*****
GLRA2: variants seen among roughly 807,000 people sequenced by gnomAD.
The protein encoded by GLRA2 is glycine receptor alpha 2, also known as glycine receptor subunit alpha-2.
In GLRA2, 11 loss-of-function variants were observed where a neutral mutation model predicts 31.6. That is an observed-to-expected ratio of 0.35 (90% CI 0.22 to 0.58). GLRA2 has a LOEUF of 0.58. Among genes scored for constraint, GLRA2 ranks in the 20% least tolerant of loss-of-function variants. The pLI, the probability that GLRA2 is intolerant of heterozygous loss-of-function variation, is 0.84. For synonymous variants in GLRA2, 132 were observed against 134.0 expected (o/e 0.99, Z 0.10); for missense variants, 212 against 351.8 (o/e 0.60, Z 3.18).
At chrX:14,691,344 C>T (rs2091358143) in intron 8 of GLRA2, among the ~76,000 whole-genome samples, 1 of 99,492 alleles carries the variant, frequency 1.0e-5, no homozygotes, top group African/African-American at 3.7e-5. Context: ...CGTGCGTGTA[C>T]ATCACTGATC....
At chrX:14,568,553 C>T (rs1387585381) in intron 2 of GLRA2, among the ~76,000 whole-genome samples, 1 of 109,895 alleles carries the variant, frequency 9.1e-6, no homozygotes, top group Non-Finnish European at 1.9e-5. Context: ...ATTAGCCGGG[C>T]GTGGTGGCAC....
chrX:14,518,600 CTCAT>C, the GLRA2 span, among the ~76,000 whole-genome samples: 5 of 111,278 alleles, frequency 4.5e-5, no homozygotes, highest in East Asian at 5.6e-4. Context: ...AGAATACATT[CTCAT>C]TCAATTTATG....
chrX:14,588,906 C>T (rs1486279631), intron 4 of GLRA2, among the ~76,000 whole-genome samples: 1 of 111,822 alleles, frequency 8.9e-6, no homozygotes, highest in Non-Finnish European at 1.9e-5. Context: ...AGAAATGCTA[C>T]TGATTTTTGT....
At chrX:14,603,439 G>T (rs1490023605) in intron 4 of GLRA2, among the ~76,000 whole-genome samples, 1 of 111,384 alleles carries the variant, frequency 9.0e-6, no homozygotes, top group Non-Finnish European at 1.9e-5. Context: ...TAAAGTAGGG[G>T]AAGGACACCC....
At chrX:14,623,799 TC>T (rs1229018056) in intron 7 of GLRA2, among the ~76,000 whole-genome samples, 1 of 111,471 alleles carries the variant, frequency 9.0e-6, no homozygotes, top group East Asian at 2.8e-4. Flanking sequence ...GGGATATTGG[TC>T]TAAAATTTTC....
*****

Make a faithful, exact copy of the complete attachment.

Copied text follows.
GLRA2: variants seen among roughly 807,000 people sequenced by gnomAD.
The protein encoded by GLRA2 is glycine receptor alpha 2, also known as glycine receptor subunit alpha-2.
In GLRA2, 11 loss-of-function variants were observed where a neutral mutation model predicts 31.6. That is an observed-to-expected ratio of 0.35 (90% CI 0.22 to 0.58). GLRA2 has a LOEUF of 0.58. Among genes scored for constraint, GLRA2 ranks in the 20% least tolerant of loss-of-function variants. The pLI, the probability that GLRA2 is intolerant of heterozygous loss-of-function variation, is 0.84. For synonymous variants in GLRA2, 132 were observed against 134.0 expected (o/e 0.99, Z 0.10); for missense variants, 212 against 351.8 (o/e 0.60, Z 3.18).
At chrX:14,691,344 C>T (rs2091358143) in intron 8 of GLRA2, among the ~76,000 whole-genome samples, 1 of 99,492 alleles carries the variant, frequency 1.0e-5, no homozygotes, top group African/African-American at 3.7e-5. Context: ...CGTGCGTGTA[C>T]ATCACTGATC....
At chrX:14,568,553 C>T (rs1387585381) in intron 2 of GLRA2, among the ~76,000 whole-genome samples, 1 of 109,895 alleles carries the variant, frequency 9.1e-6, no homozygotes, top group Non-Finnish European at 1.9e-5. Context: ...ATTAGCCGGG[C>T]GTGGTGGCAC....
chrX:14,518,600 CTCAT>C, the GLRA2 span, among the ~76,000 whole-genome samples: 5 of 111,278 alleles, frequency 4.5e-5, no homozygotes, highest in East Asian at 5.6e-4. Context: ...AGAATACATT[CTCAT>C]TCAATTTATG....
chrX:14,588,906 C>T (rs1486279631), intron 4 of GLRA2, among the ~76,000 whole-genome samples: 1 of 111,822 alleles, frequency 8.9e-6, no homozygotes, highest in Non-Finnish European at 1.9e-5. Context: ...AGAAATGCTA[C>T]TGATTTTTGT....
At chrX:14,603,439 G>T (rs1490023605) in intron 4 of GLRA2, among the ~76,000 whole-genome samples, 1 of 111,384 alleles carries the variant, frequency 9.0e-6, no homozygotes, top group Non-Finnish European at 1.9e-5. Context: ...TAAAGTAGGG[G>T]AAGGACACCC....
At chrX:14,623,799 TC>T (rs1229018056) in intron 7 of GLRA2, among the ~76,000 whole-genome samples, 1 of 111,471 alleles carries the variant, frequency 9.0e-6, no homozygotes, top group East Asian at 2.8e-4. Flanking sequence ...GGGATATTGG[TC>T]TAAAATTTTC....